College of Arts and Sciences

What Does Poverty Look Like? Building Shantytown Fictions with Jos Donoso

Faculty in Focus Series

Stephen Buttes, International Language and Cultural Studies (Spanish)

Stephen Buttes, SpanishApril 7, 2014
Noon - 1:15 p.m.
Science Building, Room 185

Buttes’s presentation examines two novels by the renowned Chilean author José Donoso: This Sunday (1965) and The Obscene Bird of Night (1970). He will discuss the ways Donoso uses similar representations of poverty to achieve different aesthetic goals in his novels in order to answer the question: why? Why does poverty emerge as a problem and a solution for art? More importantly, if you’re someone (like Donoso) who wants to do something about the problems of the poor, why would you think that fictionalizing or aestheticizing it is a way to do it? Does art (and literature in particular) present the social problem of poverty with an aesthetic solution? Come find out!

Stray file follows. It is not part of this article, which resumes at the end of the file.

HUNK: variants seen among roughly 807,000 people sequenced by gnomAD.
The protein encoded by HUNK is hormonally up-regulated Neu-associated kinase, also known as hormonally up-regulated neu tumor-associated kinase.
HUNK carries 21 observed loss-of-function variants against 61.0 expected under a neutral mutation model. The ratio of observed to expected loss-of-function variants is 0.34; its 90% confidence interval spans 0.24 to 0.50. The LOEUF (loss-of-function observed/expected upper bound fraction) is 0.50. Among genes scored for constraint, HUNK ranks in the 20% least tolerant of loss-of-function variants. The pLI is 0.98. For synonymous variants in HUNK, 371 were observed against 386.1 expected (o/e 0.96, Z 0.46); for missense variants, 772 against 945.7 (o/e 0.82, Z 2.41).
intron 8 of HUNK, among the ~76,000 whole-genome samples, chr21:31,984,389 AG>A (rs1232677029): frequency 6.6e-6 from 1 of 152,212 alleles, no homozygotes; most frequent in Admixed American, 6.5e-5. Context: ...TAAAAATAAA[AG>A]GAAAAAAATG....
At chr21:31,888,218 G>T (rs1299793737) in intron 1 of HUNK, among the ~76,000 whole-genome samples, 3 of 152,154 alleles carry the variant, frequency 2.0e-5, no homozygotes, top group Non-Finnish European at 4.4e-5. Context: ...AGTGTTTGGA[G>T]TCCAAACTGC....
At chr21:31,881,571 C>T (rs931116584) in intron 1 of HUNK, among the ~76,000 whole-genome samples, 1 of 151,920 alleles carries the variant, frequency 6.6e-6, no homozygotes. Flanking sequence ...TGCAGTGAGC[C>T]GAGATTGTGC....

Both novels were written amid the rapidly transforming social scene of Cold War Latin America and take up similar imagery of hunger, squalid living conditions, illness, and the precarious lives of the poor. Yet, critics have located these novels in opposing artistic camps: This Sunday as an example of social realism (the novel as a reflection of the world “out there”) and The Obscene Bird of Night as a masterpiece of 20th-century modernism (the novel as a “new world” unto itself, separate from the mandates of the non-artistic world surrounding it).